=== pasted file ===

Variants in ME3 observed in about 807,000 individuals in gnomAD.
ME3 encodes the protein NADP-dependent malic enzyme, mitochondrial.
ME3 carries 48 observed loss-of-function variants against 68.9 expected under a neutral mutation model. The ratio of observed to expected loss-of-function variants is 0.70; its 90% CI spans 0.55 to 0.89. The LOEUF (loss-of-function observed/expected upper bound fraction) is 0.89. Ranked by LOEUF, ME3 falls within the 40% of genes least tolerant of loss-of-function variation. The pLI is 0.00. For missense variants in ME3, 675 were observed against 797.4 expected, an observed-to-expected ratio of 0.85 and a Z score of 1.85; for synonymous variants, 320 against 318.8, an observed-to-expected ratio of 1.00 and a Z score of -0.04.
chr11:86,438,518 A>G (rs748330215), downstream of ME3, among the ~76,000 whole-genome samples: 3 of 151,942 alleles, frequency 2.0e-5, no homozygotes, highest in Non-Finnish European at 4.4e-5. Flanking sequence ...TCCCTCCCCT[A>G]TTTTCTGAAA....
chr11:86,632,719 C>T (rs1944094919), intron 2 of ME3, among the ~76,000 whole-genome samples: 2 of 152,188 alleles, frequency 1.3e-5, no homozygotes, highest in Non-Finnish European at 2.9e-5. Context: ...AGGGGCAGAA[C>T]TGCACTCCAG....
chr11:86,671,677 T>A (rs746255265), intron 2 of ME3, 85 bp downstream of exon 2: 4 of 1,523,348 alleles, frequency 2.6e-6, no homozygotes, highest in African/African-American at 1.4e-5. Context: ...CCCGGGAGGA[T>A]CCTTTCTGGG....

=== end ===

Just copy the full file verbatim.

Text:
Variants in ME3 observed in about 807,000 individuals in gnomAD.
ME3 encodes the protein NADP-dependent malic enzyme, mitochondrial.
ME3 carries 48 observed loss-of-function variants against 68.9 expected under a neutral mutation model. The ratio of observed to expected loss-of-function variants is 0.70; its 90% CI spans 0.55 to 0.89. The LOEUF (loss-of-function observed/expected upper bound fraction) is 0.89. Ranked by LOEUF, ME3 falls within the 40% of genes least tolerant of loss-of-function variation. The pLI is 0.00. For missense variants in ME3, 675 were observed against 797.4 expected, an observed-to-expected ratio of 0.85 and a Z score of 1.85; for synonymous variants, 320 against 318.8, an observed-to-expected ratio of 1.00 and a Z score of -0.04.
chr11:86,438,518 A>G (rs748330215), downstream of ME3, among the ~76,000 whole-genome samples: 3 of 151,942 alleles, frequency 2.0e-5, no homozygotes, highest in Non-Finnish European at 4.4e-5. Flanking sequence ...TCCCTCCCCT[A>G]TTTTCTGAAA....
chr11:86,632,719 C>T (rs1944094919), intron 2 of ME3, among the ~76,000 whole-genome samples: 2 of 152,188 alleles, frequency 1.3e-5, no homozygotes, highest in Non-Finnish European at 2.9e-5. Context: ...AGGGGCAGAA[C>T]TGCACTCCAG....
chr11:86,671,677 T>A (rs746255265), intron 2 of ME3, 85 bp downstream of exon 2: 4 of 1,523,348 alleles, frequency 2.6e-6, no homozygotes, highest in African/African-American at 1.4e-5. Context: ...CCCGGGAGGA[T>A]CCTTTCTGGG....